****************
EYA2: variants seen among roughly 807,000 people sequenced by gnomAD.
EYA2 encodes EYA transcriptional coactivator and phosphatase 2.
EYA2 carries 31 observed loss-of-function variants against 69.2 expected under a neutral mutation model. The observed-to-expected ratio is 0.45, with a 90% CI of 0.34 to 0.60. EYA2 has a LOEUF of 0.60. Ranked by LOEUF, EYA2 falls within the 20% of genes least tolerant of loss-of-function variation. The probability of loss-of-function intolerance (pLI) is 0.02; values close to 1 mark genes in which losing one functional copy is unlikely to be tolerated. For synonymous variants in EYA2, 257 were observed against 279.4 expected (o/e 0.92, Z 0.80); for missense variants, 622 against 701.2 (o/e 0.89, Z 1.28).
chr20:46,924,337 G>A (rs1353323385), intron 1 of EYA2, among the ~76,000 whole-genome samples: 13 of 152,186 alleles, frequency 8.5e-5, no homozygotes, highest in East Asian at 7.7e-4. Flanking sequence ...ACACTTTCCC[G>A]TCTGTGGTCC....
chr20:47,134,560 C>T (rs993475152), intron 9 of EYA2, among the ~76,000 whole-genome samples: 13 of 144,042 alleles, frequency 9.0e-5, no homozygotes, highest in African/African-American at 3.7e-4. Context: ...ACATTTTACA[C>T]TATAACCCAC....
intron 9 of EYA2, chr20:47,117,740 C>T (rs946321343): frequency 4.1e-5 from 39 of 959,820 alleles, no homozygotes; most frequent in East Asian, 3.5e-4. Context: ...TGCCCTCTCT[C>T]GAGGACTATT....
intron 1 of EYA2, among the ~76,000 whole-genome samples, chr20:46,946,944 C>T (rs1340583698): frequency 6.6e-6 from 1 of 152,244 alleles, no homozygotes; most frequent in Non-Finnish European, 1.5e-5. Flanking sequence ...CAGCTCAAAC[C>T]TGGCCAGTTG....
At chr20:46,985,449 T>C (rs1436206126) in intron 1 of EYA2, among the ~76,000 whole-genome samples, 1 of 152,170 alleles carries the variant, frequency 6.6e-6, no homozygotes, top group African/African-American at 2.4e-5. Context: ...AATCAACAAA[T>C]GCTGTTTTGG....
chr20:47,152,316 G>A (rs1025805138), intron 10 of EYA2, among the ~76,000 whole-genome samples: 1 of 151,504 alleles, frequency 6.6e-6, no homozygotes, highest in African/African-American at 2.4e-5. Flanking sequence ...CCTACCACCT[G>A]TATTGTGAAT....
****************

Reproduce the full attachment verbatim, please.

EYA2: variants seen among roughly 807,000 people sequenced by gnomAD.
EYA2 encodes EYA transcriptional coactivator and phosphatase 2.
EYA2 carries 31 observed loss-of-function variants against 69.2 expected under a neutral mutation model. The observed-to-expected ratio is 0.45, with a 90% CI of 0.34 to 0.60. EYA2 has a LOEUF of 0.60. Ranked by LOEUF, EYA2 falls within the 20% of genes least tolerant of loss-of-function variation. The probability of loss-of-function intolerance (pLI) is 0.02; values close to 1 mark genes in which losing one functional copy is unlikely to be tolerated. For synonymous variants in EYA2, 257 were observed against 279.4 expected (o/e 0.92, Z 0.80); for missense variants, 622 against 701.2 (o/e 0.89, Z 1.28).
chr20:46,924,337 G>A (rs1353323385), intron 1 of EYA2, among the ~76,000 whole-genome samples: 13 of 152,186 alleles, frequency 8.5e-5, no homozygotes, highest in East Asian at 7.7e-4. Flanking sequence ...ACACTTTCCC[G>A]TCTGTGGTCC....
chr20:47,134,560 C>T (rs993475152), intron 9 of EYA2, among the ~76,000 whole-genome samples: 13 of 144,042 alleles, frequency 9.0e-5, no homozygotes, highest in African/African-American at 3.7e-4. Context: ...ACATTTTACA[C>T]TATAACCCAC....
intron 9 of EYA2, chr20:47,117,740 C>T (rs946321343): frequency 4.1e-5 from 39 of 959,820 alleles, no homozygotes; most frequent in East Asian, 3.5e-4. Context: ...TGCCCTCTCT[C>T]GAGGACTATT....
intron 1 of EYA2, among the ~76,000 whole-genome samples, chr20:46,946,944 C>T (rs1340583698): frequency 6.6e-6 from 1 of 152,244 alleles, no homozygotes; most frequent in Non-Finnish European, 1.5e-5. Flanking sequence ...CAGCTCAAAC[C>T]TGGCCAGTTG....
At chr20:46,985,449 T>C (rs1436206126) in intron 1 of EYA2, among the ~76,000 whole-genome samples, 1 of 152,170 alleles carries the variant, frequency 6.6e-6, no homozygotes, top group African/African-American at 2.4e-5. Context: ...AATCAACAAA[T>C]GCTGTTTTGG....
chr20:47,152,316 G>A (rs1025805138), intron 10 of EYA2, among the ~76,000 whole-genome samples: 1 of 151,504 alleles, frequency 6.6e-6, no homozygotes, highest in African/African-American at 2.4e-5. Flanking sequence ...CCTACCACCT[G>A]TATTGTGAAT....